I have always been a big fan of Rick Riordon, and have loved his original ‘Percy Jackson and the Olympians series’ the best. Though I have read most of what Riordon has produced, the sense of humour, the pacy dangerous style, and the constant exposure to the impossible have all fused together to make the series extremely enjoyable.
Move over Rick Riordon, for our very own Jash Sen has come up with her own rendition of the Desi Pantheon…the erratic Dhoomvati, the vengeful Purandar, the evil Kali (not to be confused with the Goddess, this is the God of our times – ruling greed, passion, and inhumanness), and of course the saviour Kalki and his sidekick…the tomboy Balaram, who happens to be a little girl in addition to numerous other Gods, Goddesses, Humans and Monsters.
Though written for the 12-14 year olds (and I am introducing my own 14 year old daughter to the series), this could appeal to anyone in general and to me in particular – a mythology and history buff who loves to travel and read. I loved the ‘modern’ Vibhisan, felt immensely sorry for the Chiranjeevi (he who lives forever) Aswathama, empathized with the ageless ‘Parashuram’ and felt the despondency of Mahendra.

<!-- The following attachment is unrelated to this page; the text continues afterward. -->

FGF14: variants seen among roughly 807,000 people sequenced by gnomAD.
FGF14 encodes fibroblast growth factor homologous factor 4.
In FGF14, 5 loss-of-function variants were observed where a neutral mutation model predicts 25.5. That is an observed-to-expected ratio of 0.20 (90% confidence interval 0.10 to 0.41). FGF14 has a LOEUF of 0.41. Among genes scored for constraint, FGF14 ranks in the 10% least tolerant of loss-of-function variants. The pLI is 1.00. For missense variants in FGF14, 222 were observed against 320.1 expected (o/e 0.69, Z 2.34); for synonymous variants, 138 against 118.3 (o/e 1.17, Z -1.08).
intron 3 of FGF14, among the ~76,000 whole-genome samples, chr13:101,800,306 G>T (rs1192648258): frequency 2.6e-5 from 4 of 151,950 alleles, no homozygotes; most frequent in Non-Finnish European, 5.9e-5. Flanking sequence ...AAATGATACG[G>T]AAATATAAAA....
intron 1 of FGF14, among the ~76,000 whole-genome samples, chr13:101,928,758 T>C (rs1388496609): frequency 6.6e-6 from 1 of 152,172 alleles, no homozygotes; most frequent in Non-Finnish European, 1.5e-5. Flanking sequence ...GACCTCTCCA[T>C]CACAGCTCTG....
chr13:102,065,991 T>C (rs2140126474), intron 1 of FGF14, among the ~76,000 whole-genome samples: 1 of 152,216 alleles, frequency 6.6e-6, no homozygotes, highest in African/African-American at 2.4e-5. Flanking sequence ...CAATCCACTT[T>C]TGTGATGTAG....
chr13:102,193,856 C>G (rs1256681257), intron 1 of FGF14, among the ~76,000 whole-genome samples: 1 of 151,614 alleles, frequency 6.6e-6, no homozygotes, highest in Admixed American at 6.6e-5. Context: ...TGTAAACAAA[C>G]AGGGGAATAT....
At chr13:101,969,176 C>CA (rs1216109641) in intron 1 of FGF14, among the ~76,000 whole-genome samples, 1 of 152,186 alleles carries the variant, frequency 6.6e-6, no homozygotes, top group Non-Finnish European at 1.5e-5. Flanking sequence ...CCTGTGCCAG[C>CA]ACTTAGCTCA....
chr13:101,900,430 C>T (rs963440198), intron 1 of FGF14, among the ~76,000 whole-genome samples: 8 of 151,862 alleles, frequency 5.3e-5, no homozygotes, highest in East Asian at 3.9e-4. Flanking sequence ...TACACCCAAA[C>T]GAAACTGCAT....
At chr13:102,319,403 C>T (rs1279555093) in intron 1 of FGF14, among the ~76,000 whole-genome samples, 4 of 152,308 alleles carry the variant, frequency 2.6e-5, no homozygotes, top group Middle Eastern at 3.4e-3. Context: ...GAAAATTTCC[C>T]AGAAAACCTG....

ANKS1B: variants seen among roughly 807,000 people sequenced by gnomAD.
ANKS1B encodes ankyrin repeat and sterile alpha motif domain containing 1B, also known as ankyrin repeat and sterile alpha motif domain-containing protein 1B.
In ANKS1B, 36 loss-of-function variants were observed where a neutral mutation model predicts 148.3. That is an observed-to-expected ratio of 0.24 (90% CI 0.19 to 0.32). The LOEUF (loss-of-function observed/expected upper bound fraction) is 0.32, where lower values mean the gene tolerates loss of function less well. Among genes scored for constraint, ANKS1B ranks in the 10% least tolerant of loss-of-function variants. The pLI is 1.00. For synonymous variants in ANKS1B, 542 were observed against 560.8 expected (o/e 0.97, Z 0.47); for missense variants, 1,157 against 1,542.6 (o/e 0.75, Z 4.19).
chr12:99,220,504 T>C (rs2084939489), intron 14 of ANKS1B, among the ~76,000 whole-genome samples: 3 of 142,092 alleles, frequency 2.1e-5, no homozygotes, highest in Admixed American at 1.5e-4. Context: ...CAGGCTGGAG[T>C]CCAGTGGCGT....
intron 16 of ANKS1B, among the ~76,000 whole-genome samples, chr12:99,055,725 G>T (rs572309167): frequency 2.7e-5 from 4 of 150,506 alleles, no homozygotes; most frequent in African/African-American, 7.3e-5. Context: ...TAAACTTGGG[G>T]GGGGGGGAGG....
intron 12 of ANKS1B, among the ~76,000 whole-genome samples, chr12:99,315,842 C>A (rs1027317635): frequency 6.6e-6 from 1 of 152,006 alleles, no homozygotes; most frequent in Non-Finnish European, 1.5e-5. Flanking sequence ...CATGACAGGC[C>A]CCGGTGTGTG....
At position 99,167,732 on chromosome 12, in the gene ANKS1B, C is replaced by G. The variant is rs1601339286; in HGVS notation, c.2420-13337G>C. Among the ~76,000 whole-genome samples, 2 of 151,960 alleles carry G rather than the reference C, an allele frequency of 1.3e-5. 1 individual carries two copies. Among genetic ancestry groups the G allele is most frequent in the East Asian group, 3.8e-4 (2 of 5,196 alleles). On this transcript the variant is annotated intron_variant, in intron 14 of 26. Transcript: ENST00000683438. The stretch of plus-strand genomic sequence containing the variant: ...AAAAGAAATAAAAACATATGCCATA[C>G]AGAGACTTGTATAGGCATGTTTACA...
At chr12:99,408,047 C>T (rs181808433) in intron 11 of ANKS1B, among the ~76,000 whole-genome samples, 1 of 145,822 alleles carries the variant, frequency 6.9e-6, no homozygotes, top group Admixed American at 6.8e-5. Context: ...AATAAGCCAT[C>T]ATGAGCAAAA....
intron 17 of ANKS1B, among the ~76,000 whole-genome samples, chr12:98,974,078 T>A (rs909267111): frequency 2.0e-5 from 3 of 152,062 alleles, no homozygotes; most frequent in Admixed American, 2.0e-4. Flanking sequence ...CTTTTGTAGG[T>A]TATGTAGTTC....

Baics first – Jash’s debut novel ‘The Wordkeepers’ and the follow up ‘Skyserpents’ are the first two of a proposed trilogy built around the story of Kalki – Vishnu’s modern avatar who is supposed to herald the arrival of the Armageddon – the ‘Hindu’ end of the world as we know it today (‘Kaliyug’ or the age of ‘Sin’) when evil finally gains dominancy over good and the ushering in of the new ‘Perfect’ world (‘Satyayug’ or the age of ‘Truth’). There is some debate on which of the first two books is better. While I loved the ‘The Wordkeepers’ because of the novelty of the idea and presentation, I somehow felt that the author is more mature in her writing and adds more depth to the scene and characters in the ‘Skyserpents’. The thing that I have a major grouse on is the introduction of the concept of ‘timetravel’ in the second book. This is something that I feel is contrary to the basic foundation of Hindu mythology where time (‘Kaal’) is the only thing that cannot be altered. Time moves onwards, never back, and there is an obsessive fixation on fate (‘vidhi’) in Hindu mythology where even the future is pre-destined and almost impossible to change, forget about the past. If I had a time machine today, I would go back to the past and request the author not to use that concept in ‘Skyserpents’, but what is done is done.
All said, I think Jash Sen has shown immense promise and verve in her two books so far. I had loved Amish Tripathi’s first (‘The Immortals of Meluha’) and was moderately OK with the second (‘The secret of the Nagas’). The third (‘The oath of the Vayuputras’) however, came as a big disappointment. So my advice to Jash is to take a bit of time and come up with another superlative effort.